First grade - 45 kids, no books, charts and charts of sounds, pages and pages of penmanship (Palmer method). I still remember "Round and round we go, a hundred ovals in a row, if on your fingers you will glide, you will give the pen a ride". Then we did rows and rows of push pulls singing "It isn't any trouble just to S-M-I-L-E, it isn't any trouble just to S-M-I-L-E, all your troubles will vanish like a bubble if you only take the trouble just to S-M-I-L-E". And you had to sit just right, hold your pencil just right and the teacher paced the aisles to make sure you did, and once a week the penmanship teacher came by to check up on students and teacher alike. Recess was the big event everyone had bag of marbles and we played "Poppies" or "Bunny in the Hole". I don't remember much about my sister at that time but two of her friends (little sisterless) adopted Wanda and I and sort of loved us and took care of us.

Going home from school was a problem as we had to go through the "hollow" where some bullyish boys tormented us. I remember one day four or five of them confronted us with their penises out and tried to "squirt" us. Did we tell? I don't remember!

Second grade - that was the year Wanda and I played by the brook on the way to school and were often late. She had a house key and lost it in the brook one day. Then it got too much and we were called to the principal's office. The principal took out his flannel case with the dreaded "rubber tube" in it to warn us. Guess that convinced us! You see we used to go home to an empty house and get lunch. Sometimes my grandma would be there frustrated at the situation. Sometimes she was even hanging out the wash. Maybe she didn't think much of my mother working, I dunno. Mother didn't really have to work but she wanted nicer things (I couldn't have cared less - what we had, was good enough for me). She always had a bill at the department store and my dad was always accusing her of working for a dead horse. I used to meet mother when she got off the bus at the bottom of the hill and say "Please make popovers." Or creampuffs or cheese souffle. And she did it.

I was always a problem eater. Wouldn't drink milk and so mother made pudding and junket and anything that would get milk into me. I usually didn't eat anything available for supper and she would get up and fix me chicken noodle soup or scrambled eggs. My baby teeth were rotted out of my head, my second teeth had big cavities and my old age has been plagued with osteoporosis. What is more my big sister was going through a baking spree during my early primary days candy, cookies, cake, pie and we'd buy ice cream and potato chips and my mother would bring stuff from the bakery. Often we'd go to the store and buy six candy bars (and they were big in those days) for a quarter and eat them all right away. By fifth grade I weighed over a hundred pounds and went up to 150 by eighth grade (all of which I still have despite a lifetime of striving to get down to normal weight).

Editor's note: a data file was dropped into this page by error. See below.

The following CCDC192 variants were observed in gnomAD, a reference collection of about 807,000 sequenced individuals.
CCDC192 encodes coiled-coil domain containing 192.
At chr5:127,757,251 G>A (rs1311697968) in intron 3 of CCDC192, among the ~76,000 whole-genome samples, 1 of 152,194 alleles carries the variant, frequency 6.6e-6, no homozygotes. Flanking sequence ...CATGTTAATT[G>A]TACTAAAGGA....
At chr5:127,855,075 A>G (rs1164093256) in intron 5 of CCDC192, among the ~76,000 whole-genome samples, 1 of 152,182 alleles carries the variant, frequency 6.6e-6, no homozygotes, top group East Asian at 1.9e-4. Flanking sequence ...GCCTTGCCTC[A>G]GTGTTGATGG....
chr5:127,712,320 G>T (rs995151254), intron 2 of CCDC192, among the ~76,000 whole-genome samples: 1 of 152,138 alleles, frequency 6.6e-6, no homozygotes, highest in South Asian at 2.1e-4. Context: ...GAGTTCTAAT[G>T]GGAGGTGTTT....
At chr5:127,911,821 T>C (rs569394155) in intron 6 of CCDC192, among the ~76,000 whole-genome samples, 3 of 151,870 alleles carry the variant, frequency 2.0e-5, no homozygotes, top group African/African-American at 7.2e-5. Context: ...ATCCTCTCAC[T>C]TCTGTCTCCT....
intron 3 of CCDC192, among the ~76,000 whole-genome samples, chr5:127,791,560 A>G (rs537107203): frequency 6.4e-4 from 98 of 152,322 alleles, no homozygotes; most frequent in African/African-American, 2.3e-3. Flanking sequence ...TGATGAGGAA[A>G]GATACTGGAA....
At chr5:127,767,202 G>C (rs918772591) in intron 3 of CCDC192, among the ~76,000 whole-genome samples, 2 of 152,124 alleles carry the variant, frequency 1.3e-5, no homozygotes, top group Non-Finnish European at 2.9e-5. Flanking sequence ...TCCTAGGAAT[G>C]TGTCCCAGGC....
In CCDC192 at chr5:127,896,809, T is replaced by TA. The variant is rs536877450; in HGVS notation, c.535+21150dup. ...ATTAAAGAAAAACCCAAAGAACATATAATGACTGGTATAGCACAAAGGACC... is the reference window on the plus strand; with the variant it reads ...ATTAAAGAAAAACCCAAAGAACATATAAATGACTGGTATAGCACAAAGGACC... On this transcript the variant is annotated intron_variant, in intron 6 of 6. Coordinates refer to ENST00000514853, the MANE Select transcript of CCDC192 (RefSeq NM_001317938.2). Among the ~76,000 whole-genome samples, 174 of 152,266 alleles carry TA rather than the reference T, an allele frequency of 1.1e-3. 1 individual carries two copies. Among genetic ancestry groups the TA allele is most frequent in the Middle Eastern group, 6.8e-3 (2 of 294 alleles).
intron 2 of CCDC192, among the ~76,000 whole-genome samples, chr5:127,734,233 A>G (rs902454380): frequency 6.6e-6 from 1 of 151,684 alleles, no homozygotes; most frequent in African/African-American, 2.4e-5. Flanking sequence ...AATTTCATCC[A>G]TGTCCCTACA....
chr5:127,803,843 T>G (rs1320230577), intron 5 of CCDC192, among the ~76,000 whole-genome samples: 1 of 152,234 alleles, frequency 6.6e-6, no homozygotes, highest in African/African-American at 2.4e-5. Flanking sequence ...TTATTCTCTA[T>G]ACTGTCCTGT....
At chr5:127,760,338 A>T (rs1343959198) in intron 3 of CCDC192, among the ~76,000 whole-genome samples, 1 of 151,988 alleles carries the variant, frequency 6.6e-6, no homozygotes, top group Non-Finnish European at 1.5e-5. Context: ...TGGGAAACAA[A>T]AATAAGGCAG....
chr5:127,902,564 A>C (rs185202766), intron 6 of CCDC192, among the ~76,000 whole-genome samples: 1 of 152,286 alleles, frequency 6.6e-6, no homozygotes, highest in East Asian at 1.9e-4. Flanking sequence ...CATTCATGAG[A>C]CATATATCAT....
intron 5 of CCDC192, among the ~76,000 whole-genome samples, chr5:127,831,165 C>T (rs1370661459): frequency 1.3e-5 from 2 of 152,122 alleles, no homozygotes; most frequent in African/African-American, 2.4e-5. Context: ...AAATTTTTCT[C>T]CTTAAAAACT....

Guess I did O.K. in school, no report cards, PTA or parent-teacher conferences. But in second grade we had addition and subtraction carrying 10's and I couldn't understand it had to stay after school almost every nite. Must have mastered it - Finally I remember the struggle, not any victory

Every morning Mrs. Smith read for maybe 15 minutes from the Bobbsey Twin books. Some rich kid named Guy brought them from home one after the other. At Christmas we could bring ornaments for the tree my mother sent chains of glass beads; they got broken and she never forgot it. The teacher was French and she taught us to sing "Sur le pons, d'Avignon, l'on y dansa, l'on y dansa. Sur le pons, d'Avignon, l'on y dansa tout en ronde".

Third grade - that was the year I got sent out in the hall for singing off tune. The fourth grade teacher solved that; I sat in the front seat and was just a "listener". Highlight of third grade the teacher drew my name for a Christmas present and she gave me some rubber stamps. Then I had my 7th (and only) birthday party. One girl's mother wouldn't let her come because her father was a bar tender and she felt my family wouldn't welcome her. Funny - a few years later I thought people wouldn't welcome me because my father was a drunk. We had a spelling bee and played that game "What animal would you like to see?" Then they let you look in a box that had a mirror in it and the monkey or whatever-it-was-you-asked for was "you". Birthday parties were always the same - crepe paper streamers (no balloons), those crepe papers snappers with a party hat and a prize in them. Refreshments were always peanut butter and marshmallow-cream or jelly or cheese spread sandwiches. And to make them more festive they were cut out of the bread with cookie cutters fancy shapes like stars, animals and the like. These were served with grape juice and we ended up with birthday cake. Usually you invited all the girls in your class. My folks went all out for a birthday present that year. I wanted a green leather jacket and I got it. I wonder what size it was. I was still wearing it when I met Dad at Pullman it was a pretty faded green by then.